Day 5, May 28: Another day on Rio Tinto and we nabbed this northbound train of loads at Harding at 4:18pm. In the lead is C44-9W 7072 in Hamersley Iron paint, followed by ES44DCi 8111 in Rio Tinto solid silver and ES44DCi 8127 in the “stripes” scheme. Note that there are no taconite pellets in the Pilbara; it’s all refined raw ore being hauled.

We soon learned what the puff of smoke was. It was the equivalent of airbags in the seat belts, which decelerate the seat belts to keep occupants from slamming into them. Unfortunately, once the airbags go off and the belts retract, they can’t be freed up, so it was “really tight” seat belts for the front seat occupants from then on, which meant, as the smallest of the three, I did most of the driving because I was the only one who could slip into the driver’s side seat belt. Our trip to the Pilbara started out with a bang, literally.

We drove through the night, one headlight pointed off into the brush, and made it across the Tropic of Capricorn, just south of Newman, at 9:40 the next morning. Before long we were finally on an iron ore railroad in the Pilbara, BHP-Billiton (Broken Hill Proprietary merged with Billiton in 2001). We were all thankful to be railfanning and not stuck hundreds of miles south with a disabled car. At our first gas stop after daylight we bought duct tape and baling wire and put the front end back together, sort of — at least we got the headlights pointed mostly straight.

Later that morning I was driving, covering some of those miles heading north with John and Mel napping, when an emu darted across the road in front of us. I slammed on the brakes, yelled, and startled John and Mel out of their haze. An emu can easily take out a windscreen (Australian for windshield). We managed to dodge a second bullet. What next? We knew there would be more.

There were three iron ore railroads in the Pilbara in 2011:

BHP traces its roots in the Pilbara to two predecessors. Goldsworthy Mining began hauling ore on the route east of Port Hedland in 1968, and Mount Newman Mining built the main line south to Newman and started hauling ore in 1967. Both were owned by BHP, which currently operates the main line from Nelson Point in Port Hedland to five mines in the Newman area. Motive power is now exclusively SD70ACe and SD70ACe/LCi locomotives (the LCi stands for low clearance international, and is an export model), but while we were there in 2011 it still operated some GEs. The former Goldsworthy line from Port Hedland to Yarrie is currently not in operation, ceasing ore output in 2014.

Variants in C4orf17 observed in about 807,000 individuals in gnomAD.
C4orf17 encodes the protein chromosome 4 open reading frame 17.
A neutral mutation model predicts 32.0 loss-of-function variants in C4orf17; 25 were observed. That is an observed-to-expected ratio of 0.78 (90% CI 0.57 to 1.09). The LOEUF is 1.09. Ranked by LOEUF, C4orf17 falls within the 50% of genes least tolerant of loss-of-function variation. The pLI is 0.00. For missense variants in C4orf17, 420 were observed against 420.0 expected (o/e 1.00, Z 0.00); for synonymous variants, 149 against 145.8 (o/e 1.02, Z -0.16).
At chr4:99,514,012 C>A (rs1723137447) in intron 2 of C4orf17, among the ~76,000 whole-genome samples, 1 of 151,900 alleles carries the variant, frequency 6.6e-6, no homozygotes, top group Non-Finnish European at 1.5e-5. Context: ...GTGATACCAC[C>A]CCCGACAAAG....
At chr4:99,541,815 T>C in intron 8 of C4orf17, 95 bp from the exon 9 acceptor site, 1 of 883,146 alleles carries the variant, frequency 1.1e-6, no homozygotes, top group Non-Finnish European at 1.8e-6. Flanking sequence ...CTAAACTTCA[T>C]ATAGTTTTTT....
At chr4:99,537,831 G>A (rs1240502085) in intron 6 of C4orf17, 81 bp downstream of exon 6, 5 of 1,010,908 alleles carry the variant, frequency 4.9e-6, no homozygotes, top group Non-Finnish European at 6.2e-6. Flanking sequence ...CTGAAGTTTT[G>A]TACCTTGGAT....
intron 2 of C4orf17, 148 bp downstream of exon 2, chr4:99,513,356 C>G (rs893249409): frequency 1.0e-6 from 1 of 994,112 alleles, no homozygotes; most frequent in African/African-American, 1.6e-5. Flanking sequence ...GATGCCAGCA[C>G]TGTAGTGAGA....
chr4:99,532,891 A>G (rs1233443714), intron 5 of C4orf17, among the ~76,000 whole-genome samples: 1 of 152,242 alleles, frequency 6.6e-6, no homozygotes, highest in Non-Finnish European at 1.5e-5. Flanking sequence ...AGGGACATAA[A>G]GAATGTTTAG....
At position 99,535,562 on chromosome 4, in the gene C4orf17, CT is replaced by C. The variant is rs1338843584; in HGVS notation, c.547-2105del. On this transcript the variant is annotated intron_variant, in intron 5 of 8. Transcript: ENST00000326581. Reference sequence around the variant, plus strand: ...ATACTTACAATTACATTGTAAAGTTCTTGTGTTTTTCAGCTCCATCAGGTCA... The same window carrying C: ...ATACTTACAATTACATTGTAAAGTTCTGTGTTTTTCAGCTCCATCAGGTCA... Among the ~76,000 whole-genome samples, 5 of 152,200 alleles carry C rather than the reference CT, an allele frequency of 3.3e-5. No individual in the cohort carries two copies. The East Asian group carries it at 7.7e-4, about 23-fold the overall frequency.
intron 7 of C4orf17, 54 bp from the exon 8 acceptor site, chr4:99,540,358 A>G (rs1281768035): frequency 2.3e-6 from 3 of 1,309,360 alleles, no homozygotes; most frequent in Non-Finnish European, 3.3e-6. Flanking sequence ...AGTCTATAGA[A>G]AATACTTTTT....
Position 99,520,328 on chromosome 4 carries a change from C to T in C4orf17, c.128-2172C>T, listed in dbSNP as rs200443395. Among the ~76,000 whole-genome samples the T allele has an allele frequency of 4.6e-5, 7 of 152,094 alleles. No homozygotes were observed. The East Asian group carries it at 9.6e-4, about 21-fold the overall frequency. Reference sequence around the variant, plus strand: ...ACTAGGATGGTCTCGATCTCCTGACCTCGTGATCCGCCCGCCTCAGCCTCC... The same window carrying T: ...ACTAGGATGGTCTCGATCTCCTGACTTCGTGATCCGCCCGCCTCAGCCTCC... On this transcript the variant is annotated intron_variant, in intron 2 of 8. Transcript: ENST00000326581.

Day 4, May 27: BHP SD70ACe 4364 and AC6000 5655 pull through the unloader at Port Hedland at 12:37pm. BHP can unload two trains simultaneously. The remaining seven AC6000s on the roster, 6071–6077, were all scrapped in October 2014. As noted earlier, the 6070 was wrecked and scrapped in May 2011. This paint scheme is known as the “bubble” scheme.

Rio Tinto Iron Ore includes predecessors Hamersley Iron, which began operations in 1966, and Cliffs Robe River Iron Associates, which started in 1972. Hamersley’s main line ran from Dampier through Tom Price to Paraburdoo, while Robe River’s main line ran from Cape Lambert to mines near Pannawonica. Thus Rio Tinto operates port facilities at Cape Lambert and Dampier, both in the Karratha area. The two lines meet and cross at Western Creek Junction near Emu.

Fortescue Metals Group (FMG) was founded in 2003 and built a line from Finucane Island in Port Hedland to mines at Cloudbreak and Christmas Creek. The first shipload of iron ore from FMG mines occurred in May 2008. FMG has a variety of motive power including C44-9W, SD70ACe/LCi, and SD90MAC-H2 models.

Back in our somewhat damaged car, we landed our first shots at inappropriately named Garden on BHP, loads headed north toward Port Hedland. The language in Australia has quite a few nuances compared to our American English, generally following British terminology, and to illustrate, this was an “up” train (we’d say northbound in this case — up is generally toward a main terminal) with two “rakes of wagons” (we’d say cuts of cars) and two sets of power, all hooked together into a monstrous 35,000-ton train. Oh, and John’s first guarantee was a fail — there were clouds… lots of them. More of a problem than the clouds, we ran into a huge track gang working on a significant “duplication” (double-tracking) project and had to vacate BHP, so it was off to FMG, which crosses BHP at Woodstock.

We caught one FMG southbound with empties headed for one of the mines late in the afternoon, got another shot of the BHP train we’d shot at Garden, and shot a BHP three-rake train of empties headed south and the day was done. Not a particularly stellar introduction, but we made it to Auski Roadhouse in one piece, even though our car was in several pieces…

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This article was posted on: February 15, 2021